He was the only person in Yankee franchise history to spend 31 seasons playing in Yankee Stadium without getting an official at bat. Born in Philadelphia on October 10, 1925, Eddie Layton began playing the organ when he was just twelve years old. Five decades later he was spinning tunes for Yankee, Knick and Ranger fans as the official organist at both Yankee Stadium and Madison Square Garden. When CBS purchased the Yankees in the mid sixties, then Yankee President, Mike Burke found Eddie playing organ for CBS daytime soap operas and hired him to play Yankee Stadium’s 50,000 watt Hammond Organ. Layton was not a baseball fan and knew nothing about the game when he accepted the job, but like PA announcer Bob Sheppard and Star Spangled Banner singer Robert Merrill, he became an important part of the Yankee Stadium experience for millions of Bomber fans. Layton died in 2004.The only non-musician Yankee player to celebrate his birthday on this day was this almost unknown reliever.
Bobby Tiefenauer is the only member of the Yankee all-time roster to celebrate a birthday on this date. He was born in Desloge, MO, in 1929. He lasted parts of ten seasons in the Majors. His specialty was the knuckleball. In 1965, this right-hander pitched ten games in relief for the Yankees. During that season New York sent him to Cleveland and the Indians then traded Bobby for another former Yankee pitcher named Rob Gardner. Though Tiefenauer’s career had few highlights I did turn up something interesting about Gardner’s. Only passionate, long-time Yankee fans will remember that Rob Gardner won eight games as a part-time starter for the 1972 Yankees. The Yankees traded him to the Oakland A’s at the beginning of the 1971 season for one-time All-Star Felipe Alou. New York then reacquired Gardner from the A’s eight weeks later. Then, after the 1972 season, the Yankees traded Gardner back to the A’s for Felipe’s brother, Matty Alou, making Gardner the only Yankee in history traded for two brothers.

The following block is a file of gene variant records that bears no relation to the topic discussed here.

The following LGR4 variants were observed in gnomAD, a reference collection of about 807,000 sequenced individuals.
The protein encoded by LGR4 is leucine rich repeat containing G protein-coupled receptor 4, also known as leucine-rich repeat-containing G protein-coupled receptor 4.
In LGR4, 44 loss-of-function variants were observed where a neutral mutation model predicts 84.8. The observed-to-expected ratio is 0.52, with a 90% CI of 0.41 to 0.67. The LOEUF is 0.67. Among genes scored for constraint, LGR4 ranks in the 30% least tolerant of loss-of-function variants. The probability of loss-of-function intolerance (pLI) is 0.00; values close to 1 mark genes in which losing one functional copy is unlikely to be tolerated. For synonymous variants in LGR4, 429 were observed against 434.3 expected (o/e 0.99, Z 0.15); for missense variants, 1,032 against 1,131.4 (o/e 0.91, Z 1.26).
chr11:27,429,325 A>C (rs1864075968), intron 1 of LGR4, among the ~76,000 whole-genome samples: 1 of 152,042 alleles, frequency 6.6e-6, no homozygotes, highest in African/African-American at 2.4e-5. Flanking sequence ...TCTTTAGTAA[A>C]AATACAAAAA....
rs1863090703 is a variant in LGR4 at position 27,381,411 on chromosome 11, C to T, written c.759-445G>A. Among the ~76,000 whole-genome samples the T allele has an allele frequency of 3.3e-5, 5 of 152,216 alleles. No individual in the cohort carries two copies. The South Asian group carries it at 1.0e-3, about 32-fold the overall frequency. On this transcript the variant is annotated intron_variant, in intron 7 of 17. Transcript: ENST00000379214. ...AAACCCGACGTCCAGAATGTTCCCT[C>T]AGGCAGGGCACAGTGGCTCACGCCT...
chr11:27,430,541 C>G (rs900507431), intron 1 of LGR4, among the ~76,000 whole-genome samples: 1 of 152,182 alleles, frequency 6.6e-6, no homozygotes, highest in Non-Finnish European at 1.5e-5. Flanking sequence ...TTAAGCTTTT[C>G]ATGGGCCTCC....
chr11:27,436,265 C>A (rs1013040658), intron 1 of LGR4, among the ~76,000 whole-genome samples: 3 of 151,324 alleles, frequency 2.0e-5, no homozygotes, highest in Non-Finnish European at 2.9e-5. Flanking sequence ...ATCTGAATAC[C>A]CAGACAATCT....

Meanwhile, Tiefenauer wore number 29 during his brief tenure in pinstripes, the same digit worn currently by Francisco Cervelli. Other notable Yankee number 29’s included Rafael Soriano, Mike Stanton and Hall of Famer, Catfish Hunter.
Tiefenauer died in June of 2000. Though he is the only member of the Yankee all-time player roster to be born on this date, he does share his October 10th birthday with this great performer who played in Yankee Stadium for 31 seasons.
|MLN (3 yrs)||5||8||.385||2.95||64||0||54||0||0||15||109.2||89||44||36||8||22||77||1.012|
|STL (3 yrs)||1||4||.200||5.20||27||0||8||0||0||0||45.0||52||31||26||7||21||22||1.622|
|CLE (3 yrs)||0||7||.000||3.16||26||0||17||0||0||4||42.2||41||22||15||3||16||21||1.336|
|CHC (1 yr)||0||1||.000||6.08||9||0||5||0||0||1||13.1||20||12||9||2||2||9||1.650|
|NYY (1 yr)||1||1||.500||3.54||10||0||5||0||0||2||20.1||19||10||8||3||5||15||1.180|
|HOU (1 yr)||2||4||.333||4.34||43||0||20||0||0||1||85.0||91||42||41||6||21||60||1.318|